In early-August 2020 the rest of the world looked on in awe as New Zealand celebrated an enviable milestone: 100 days without any community transmitted cases of COVID-19. But, all that changed just a few days later when a fresh coronavirus outbreak occurred seemingly out of nowhere.
The new outbreak’s epicenter was in Auckland, which is New Zealand’s most populous city with around 1.5 million residents. The area went back into a level three two-week lockdown, which meant that people stayed at home other than for essential movement, schools were operating at limited capacity, and public venues remained closed.
Five New Cases
Heightened restrictions were due to end August 26. However, New Zealand’s Prime Minister Jacinda Arden extended the measures until the following Sunday, potentially due to the fact that five fresh cases had been recorded in 24 hours. Of those five cases, two of them were imported cases detected in isolation facilities, but three were locally transmitted. Meanwhile, the rest of the country remained under level two restrictions which prohibited gatherings of over 100 people.
The plight of New Zealand highlighted just how quickly everything can change. Prior to the August outbreak, New Zealand, which is home to 5 million people, had less than 30 active infections and all were being managed in isolation facilities. By August, the country had registered a total of 1,344 COVID-19 cases. At the time of writing, 22 people have died of coronavirus-related complications.
Tough Border Controls & Mass Testing
The new outbreak came despite New Zealand’s tough border controls that ban almost all foreigners from entering the island nation. The country has also been praised for its mass testing of thousands of citizens per day. In fact, their handling of the pandemic has been held up globally as an example of how to be victorious in the battle against the pandemic.
Ardern said they had to “go hard, and go early” and she was certainly true to her word. Borders were closed to foreigners on March 19 when there were just 28 confirmed cases, and a nationwide lockdown was implemented at just 102 cases. The strictest rules, which included no takeaways and no beaches, were in place for five weeks, with a further two weeks of looser lockdown after that.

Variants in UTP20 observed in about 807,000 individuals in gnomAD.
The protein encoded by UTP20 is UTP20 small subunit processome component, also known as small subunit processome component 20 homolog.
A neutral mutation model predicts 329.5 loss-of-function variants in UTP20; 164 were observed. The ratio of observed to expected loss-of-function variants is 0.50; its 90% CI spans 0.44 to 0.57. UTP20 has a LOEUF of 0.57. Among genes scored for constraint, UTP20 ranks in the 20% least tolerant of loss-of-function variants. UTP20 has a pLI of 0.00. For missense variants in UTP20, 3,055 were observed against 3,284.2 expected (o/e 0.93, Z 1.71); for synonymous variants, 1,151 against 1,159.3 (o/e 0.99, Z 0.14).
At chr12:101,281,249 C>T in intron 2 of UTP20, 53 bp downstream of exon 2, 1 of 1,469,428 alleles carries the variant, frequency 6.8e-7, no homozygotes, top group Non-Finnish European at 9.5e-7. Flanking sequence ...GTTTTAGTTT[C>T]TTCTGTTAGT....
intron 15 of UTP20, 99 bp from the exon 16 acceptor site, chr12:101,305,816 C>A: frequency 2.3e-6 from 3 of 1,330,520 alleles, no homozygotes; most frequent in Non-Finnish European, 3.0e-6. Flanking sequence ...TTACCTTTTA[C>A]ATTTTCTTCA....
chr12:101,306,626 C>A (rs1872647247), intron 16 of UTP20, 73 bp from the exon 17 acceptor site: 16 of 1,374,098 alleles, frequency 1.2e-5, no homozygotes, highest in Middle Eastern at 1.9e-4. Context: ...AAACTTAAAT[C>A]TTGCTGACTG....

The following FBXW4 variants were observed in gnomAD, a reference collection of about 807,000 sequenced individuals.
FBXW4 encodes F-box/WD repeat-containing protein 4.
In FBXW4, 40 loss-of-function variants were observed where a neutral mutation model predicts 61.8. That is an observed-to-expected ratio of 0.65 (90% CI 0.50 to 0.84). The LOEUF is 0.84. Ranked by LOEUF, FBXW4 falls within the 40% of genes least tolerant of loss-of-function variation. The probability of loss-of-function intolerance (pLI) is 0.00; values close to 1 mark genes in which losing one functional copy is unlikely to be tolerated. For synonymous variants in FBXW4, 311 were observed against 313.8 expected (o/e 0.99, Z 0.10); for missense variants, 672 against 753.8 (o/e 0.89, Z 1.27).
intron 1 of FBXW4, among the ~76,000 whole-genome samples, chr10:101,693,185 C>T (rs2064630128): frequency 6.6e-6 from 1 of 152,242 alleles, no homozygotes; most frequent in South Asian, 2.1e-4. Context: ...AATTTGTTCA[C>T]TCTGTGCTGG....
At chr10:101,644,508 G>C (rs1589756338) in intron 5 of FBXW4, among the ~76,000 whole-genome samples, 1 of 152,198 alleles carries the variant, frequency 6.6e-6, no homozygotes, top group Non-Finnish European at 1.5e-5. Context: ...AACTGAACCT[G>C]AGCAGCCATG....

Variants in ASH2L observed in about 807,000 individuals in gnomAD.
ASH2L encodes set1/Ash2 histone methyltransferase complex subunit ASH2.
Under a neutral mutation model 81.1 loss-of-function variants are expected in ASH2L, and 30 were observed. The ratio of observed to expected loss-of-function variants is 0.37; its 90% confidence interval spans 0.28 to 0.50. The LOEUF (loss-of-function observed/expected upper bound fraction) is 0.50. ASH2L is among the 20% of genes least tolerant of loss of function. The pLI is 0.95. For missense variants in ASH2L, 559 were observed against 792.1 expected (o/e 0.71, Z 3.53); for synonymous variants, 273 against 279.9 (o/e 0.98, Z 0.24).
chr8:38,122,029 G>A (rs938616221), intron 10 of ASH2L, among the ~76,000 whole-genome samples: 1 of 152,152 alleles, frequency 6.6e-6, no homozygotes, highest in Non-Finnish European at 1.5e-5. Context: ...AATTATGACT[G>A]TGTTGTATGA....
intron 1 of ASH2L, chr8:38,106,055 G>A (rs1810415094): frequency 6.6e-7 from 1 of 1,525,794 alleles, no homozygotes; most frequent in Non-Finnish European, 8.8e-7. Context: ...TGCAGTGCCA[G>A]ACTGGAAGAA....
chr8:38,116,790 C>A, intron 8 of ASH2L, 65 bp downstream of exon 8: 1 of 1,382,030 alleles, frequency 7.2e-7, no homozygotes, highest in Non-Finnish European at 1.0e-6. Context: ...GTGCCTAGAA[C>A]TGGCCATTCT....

Masks are Part of the New Zealand COVID-19 Strategy
One thing that New Zealand didn’t do at that time of the first outbreak, is to implement the wearing of face masks. Masks were in short supply when the country was going into lockdown, due to them not being part of the country’s culture. And, by the time people were allowed to go out in public and travel outside of their own neighborhood, there were very few coronavirus cases to be concerned with. The country also has no land borders which allowed for better control of who was entering, and it’s not a densely populated place so social distancing is easier than in some hard-hit countries such as India.
However, face masks now feature heavily in the government’s current plans to eradicate the new outbreak. From August 30 last year, face masks are mandatory on all public transport. To make this possible, the government dispatched 3 million masks to communities that were not in a position to buy their own.
This August outbreak prompted the country to postpone its election to allow officials to focus on getting the outbreak under control. Arden remains realistic and resilient: qualities that have made her famous around the world for her admirable handling of the COVID-19 pandemic.
She said, “We have got rid of COVID before...we can do all that again.”